Biology 395.01 "Advanced Special Topic: Systems Biology: Technologies and Computational Techniques." In this course we will explore some of the new technologies which have dramatically changed the scale on which biologists can interrogate cellular processes, allowing us, for example, to assay global changes in gene expression and investigate connectivity in large protein networks. In the classroom we will discuss genomics, microarrays, proteomics, high-throughput genetics and metabolomics, reading selections from the primary literature in each of these fields. In the computational lab we will delve into datasets produced by each of these types of studies. The course will begin with an intensive introduction to using simple scripting languages to manipulate biological data, and it will culminate with a novel, independent, analysis of an existing dataset. Two classroom discussions plus a three-hour computational lab each week. Prerequisites: Biology 252 or Biological Chemistry 262.
Chemistry 395.01 "Advanced Special Topic: Computational Chemistry." This course provides theoretical basis and practical applications of computational methods relevant to chemical systems. Methods to be discussed are ab initio, modern density functional theory, semi empirical and molecular-mechanics. Electronic structure calculations, using the methods mentioned above, will be applied to the study of chemical and biochemical research problems. Prerequisite: CHM-222 and completion of or concurrent enrollment in PHY-132 or permission of instructor. Recommended: completion of or concurrent enrollment in CHM-363.
Computer Science 151.01 & 02 "Functional Problem Solving." Note new title and course description. A lab-based introduction to basic ideas of computer science, including recursion, abstraction, scope and binding, modularity, the design and analysis of algorithms, and the fundamentals of programming in a high-level, functional language. Includes formal laboratory work. Prerequisite: none.
Computer Science 161.01 "Imperative Problem Solving and Data Structures." New course. A continuation of Computer Science 151, bringing in some concepts more closely tied to the architecture of computers, compilers, and operating systems, such as macro processing, compilation and linking, pointers and memory management, data representation, and software development tools. Additional topics include assertions and invariants, data abstraction, linked data structures, an introduction to the use of the GNU/Linux operating system, and programming in a low-level, imperative language. Includes formal laboratory work. Prerequisite: CSC-151or permission of instructor; not open to students who have already taken CSC-201.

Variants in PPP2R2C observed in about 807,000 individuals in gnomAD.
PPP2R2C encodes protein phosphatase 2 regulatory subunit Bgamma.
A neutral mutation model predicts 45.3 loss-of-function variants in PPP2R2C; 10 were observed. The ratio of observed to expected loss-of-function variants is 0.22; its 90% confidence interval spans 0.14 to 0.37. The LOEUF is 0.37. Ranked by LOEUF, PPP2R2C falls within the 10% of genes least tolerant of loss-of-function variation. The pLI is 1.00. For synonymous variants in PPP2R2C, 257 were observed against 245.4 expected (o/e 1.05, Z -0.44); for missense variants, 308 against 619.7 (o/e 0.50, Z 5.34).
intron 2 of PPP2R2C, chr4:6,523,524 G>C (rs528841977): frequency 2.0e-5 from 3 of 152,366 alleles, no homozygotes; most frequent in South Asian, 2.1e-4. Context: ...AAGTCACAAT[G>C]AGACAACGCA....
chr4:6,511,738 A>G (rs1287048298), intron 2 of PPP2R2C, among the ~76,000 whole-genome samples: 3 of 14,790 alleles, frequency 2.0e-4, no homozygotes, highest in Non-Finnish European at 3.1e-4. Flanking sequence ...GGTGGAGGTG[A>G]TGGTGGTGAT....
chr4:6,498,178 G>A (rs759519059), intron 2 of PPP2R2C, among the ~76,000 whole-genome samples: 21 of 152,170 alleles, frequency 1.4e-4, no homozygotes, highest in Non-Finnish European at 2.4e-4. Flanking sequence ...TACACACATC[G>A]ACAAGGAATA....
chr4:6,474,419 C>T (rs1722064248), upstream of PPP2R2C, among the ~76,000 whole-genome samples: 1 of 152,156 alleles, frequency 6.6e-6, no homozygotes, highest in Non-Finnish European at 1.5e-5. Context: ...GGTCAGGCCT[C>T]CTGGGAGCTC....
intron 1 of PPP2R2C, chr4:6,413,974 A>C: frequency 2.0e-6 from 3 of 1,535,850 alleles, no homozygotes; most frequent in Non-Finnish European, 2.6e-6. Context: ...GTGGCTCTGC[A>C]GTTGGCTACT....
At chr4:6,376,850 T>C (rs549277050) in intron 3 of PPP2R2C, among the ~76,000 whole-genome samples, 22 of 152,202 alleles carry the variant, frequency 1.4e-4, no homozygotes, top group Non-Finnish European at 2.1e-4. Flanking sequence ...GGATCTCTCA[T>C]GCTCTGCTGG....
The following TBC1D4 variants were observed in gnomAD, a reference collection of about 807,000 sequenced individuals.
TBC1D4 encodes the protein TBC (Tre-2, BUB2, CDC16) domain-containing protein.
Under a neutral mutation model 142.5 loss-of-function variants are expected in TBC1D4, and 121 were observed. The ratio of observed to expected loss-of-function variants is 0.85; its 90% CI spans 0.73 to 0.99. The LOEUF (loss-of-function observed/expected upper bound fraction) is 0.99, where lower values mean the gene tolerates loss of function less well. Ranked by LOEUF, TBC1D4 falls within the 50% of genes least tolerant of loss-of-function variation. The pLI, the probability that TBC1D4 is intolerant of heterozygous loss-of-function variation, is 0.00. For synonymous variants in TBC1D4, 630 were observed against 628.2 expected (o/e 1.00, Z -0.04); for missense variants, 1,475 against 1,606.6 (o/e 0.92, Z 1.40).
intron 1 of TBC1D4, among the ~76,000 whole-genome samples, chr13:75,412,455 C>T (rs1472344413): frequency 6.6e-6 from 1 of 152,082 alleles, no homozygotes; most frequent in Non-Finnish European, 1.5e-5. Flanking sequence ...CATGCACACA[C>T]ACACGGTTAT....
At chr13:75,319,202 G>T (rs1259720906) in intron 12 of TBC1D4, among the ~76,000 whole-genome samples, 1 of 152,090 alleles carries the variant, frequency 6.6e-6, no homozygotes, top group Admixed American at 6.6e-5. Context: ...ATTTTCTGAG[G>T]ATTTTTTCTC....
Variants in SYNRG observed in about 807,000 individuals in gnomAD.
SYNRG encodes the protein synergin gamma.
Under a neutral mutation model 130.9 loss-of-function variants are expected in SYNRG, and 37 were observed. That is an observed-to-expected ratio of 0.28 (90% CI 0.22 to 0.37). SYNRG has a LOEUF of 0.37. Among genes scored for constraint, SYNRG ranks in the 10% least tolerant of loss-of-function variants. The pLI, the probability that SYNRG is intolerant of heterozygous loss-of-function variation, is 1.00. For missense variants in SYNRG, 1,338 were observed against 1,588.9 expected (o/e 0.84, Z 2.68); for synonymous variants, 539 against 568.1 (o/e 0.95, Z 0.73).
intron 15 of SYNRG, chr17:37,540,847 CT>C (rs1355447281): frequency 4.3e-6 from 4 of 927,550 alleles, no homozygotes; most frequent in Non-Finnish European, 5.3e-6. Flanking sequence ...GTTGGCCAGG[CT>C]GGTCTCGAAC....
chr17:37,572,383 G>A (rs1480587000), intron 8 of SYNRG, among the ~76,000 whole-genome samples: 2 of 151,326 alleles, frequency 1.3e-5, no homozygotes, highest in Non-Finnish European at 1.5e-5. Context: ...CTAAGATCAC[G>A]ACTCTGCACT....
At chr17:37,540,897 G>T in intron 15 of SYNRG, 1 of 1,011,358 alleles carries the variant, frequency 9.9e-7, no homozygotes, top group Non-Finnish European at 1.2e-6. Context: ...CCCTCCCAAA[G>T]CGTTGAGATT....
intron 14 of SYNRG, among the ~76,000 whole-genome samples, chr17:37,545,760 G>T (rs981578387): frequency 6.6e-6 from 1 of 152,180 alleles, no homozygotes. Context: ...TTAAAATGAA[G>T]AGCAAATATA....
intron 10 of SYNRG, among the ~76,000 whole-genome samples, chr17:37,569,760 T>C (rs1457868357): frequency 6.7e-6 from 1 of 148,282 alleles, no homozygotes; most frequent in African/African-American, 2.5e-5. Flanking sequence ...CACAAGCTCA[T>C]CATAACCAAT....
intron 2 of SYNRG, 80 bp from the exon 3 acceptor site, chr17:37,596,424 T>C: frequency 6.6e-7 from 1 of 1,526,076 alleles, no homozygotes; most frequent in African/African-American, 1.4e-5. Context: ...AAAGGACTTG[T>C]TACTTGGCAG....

Computer Science 325.01 "Databases and Web Application Design." New course. Study of database theory and design along with software development methodology. Emphasis on design principles and methods, project management, and the use of appropriate tools. A large project provides motivation and practical experience. Prerequisite: CSC-152, 153, 207 or permission of instructor.
Economics 295.01 "Special Topic: Investments and Public Policy." This course provides an introduction to investments. It covers types of investments, measurement of risk and return, institutional aspects of investment markets, and key concepts in investments such as efficient diversification and efficient markets. The course will consider differences between approaches for individual and institutional investors, the use and performance of mutual funds, and the implications of investment theory for both individual financial planning and related public policy issues. Current issues of interest in investing such as hedge funds, private equity, and venture capital will be covered, as well as public policy on private pension guarantees, social security, and corporate governance. Prerequisites: ECN-111 or permission of instructor.
English 120.01 "Literary Analysis."An introduction to the close reading of prose and poetry. We will begin with an overview of the formal elements of literary analysis (imagery, theme, allusion, rhyme, tone, etc.) then engage in the close reading of a novel as well as several short stories and poems to reveal the ways in which an understanding of narrative structure and convention enhances our reading of literary texts. From there, we will fill our critical "toolbox" with theoretical approaches that will allow us to build a vocabulary for reading texts according to specific methodological approaches. Prerequisite: none.
English 120.02 "Literary Analysis." This course will take you through the fundamentals of literary analysis. We will cover the poem, the short story and the novel, focusing on the fundamentals of formalist critical methodology. In addition, we will become briefly introduced to some of the major trends in critical theory. Prerequisite: none.
English 120.03 "Literary Analysis." This is a critical reading, writing, and thinking course designed to introduce students to literary works in a number of genres while reinforcing their skills in critical analysis. We will examine important elements of fiction and poetry in order to better understand how these elements create meaning in the work. We will also examine a range of contemporary approaches to literary texts by familiarizing ourselves with various schools of literary criticism and ways of reading. In addition to reading the poetic works of Audre Lorde, Yevgeny Yevtushenko, Ai, and Gwendolyn Brooks, we will read fictional works such as James Baldwin's Giovanni's Room, Maxine Hong Kingston's The Woman Warrior, and Jhumpha Lahiri's Interpreter of Maladies. In our study of these works, we will spend a good deal of time contemplating what it means to 'construct a self' in literature. Prerequisite: none.